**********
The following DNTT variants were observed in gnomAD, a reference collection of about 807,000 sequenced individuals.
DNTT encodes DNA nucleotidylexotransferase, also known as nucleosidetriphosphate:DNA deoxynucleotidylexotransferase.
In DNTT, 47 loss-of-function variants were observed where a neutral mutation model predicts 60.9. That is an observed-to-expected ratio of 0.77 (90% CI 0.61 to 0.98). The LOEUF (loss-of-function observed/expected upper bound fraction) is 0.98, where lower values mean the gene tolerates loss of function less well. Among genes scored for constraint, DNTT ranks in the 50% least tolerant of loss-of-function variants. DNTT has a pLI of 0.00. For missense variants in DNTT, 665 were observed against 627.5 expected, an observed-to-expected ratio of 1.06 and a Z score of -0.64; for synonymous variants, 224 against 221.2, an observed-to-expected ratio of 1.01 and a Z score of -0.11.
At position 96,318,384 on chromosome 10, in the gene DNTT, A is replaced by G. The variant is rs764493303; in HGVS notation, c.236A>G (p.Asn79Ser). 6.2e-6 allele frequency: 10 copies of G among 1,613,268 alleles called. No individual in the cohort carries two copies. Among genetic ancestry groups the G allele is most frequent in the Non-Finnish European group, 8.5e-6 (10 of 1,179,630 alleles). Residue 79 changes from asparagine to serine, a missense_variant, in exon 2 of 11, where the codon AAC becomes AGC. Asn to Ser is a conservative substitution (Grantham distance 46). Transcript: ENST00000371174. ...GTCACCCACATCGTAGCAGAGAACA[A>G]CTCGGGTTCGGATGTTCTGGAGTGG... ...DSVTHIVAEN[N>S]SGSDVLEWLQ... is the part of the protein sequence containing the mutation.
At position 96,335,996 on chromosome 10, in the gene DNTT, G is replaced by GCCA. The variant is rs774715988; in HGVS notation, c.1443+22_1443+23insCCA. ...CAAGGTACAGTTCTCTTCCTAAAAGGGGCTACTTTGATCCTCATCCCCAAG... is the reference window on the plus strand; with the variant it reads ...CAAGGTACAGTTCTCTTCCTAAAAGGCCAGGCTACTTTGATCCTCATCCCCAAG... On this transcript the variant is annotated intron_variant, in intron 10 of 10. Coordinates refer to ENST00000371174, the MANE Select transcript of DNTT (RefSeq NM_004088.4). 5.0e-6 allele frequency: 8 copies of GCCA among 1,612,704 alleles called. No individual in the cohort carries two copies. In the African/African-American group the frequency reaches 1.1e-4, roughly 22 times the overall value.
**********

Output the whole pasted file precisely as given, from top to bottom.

The following DNTT variants were observed in gnomAD, a reference collection of about 807,000 sequenced individuals.
DNTT encodes DNA nucleotidylexotransferase, also known as nucleosidetriphosphate:DNA deoxynucleotidylexotransferase.
In DNTT, 47 loss-of-function variants were observed where a neutral mutation model predicts 60.9. That is an observed-to-expected ratio of 0.77 (90% CI 0.61 to 0.98). The LOEUF (loss-of-function observed/expected upper bound fraction) is 0.98, where lower values mean the gene tolerates loss of function less well. Among genes scored for constraint, DNTT ranks in the 50% least tolerant of loss-of-function variants. DNTT has a pLI of 0.00. For missense variants in DNTT, 665 were observed against 627.5 expected, an observed-to-expected ratio of 1.06 and a Z score of -0.64; for synonymous variants, 224 against 221.2, an observed-to-expected ratio of 1.01 and a Z score of -0.11.
At position 96,318,384 on chromosome 10, in the gene DNTT, A is replaced by G. The variant is rs764493303; in HGVS notation, c.236A>G (p.Asn79Ser). 6.2e-6 allele frequency: 10 copies of G among 1,613,268 alleles called. No individual in the cohort carries two copies. Among genetic ancestry groups the G allele is most frequent in the Non-Finnish European group, 8.5e-6 (10 of 1,179,630 alleles). Residue 79 changes from asparagine to serine, a missense_variant, in exon 2 of 11, where the codon AAC becomes AGC. Asn to Ser is a conservative substitution (Grantham distance 46). Transcript: ENST00000371174. ...GTCACCCACATCGTAGCAGAGAACA[A>G]CTCGGGTTCGGATGTTCTGGAGTGG... ...DSVTHIVAEN[N>S]SGSDVLEWLQ... is the part of the protein sequence containing the mutation.
At position 96,335,996 on chromosome 10, in the gene DNTT, G is replaced by GCCA. The variant is rs774715988; in HGVS notation, c.1443+22_1443+23insCCA. ...CAAGGTACAGTTCTCTTCCTAAAAGGGGCTACTTTGATCCTCATCCCCAAG... is the reference window on the plus strand; with the variant it reads ...CAAGGTACAGTTCTCTTCCTAAAAGGCCAGGCTACTTTGATCCTCATCCCCAAG... On this transcript the variant is annotated intron_variant, in intron 10 of 10. Coordinates refer to ENST00000371174, the MANE Select transcript of DNTT (RefSeq NM_004088.4). 5.0e-6 allele frequency: 8 copies of GCCA among 1,612,704 alleles called. No individual in the cohort carries two copies. In the African/African-American group the frequency reaches 1.1e-4, roughly 22 times the overall value.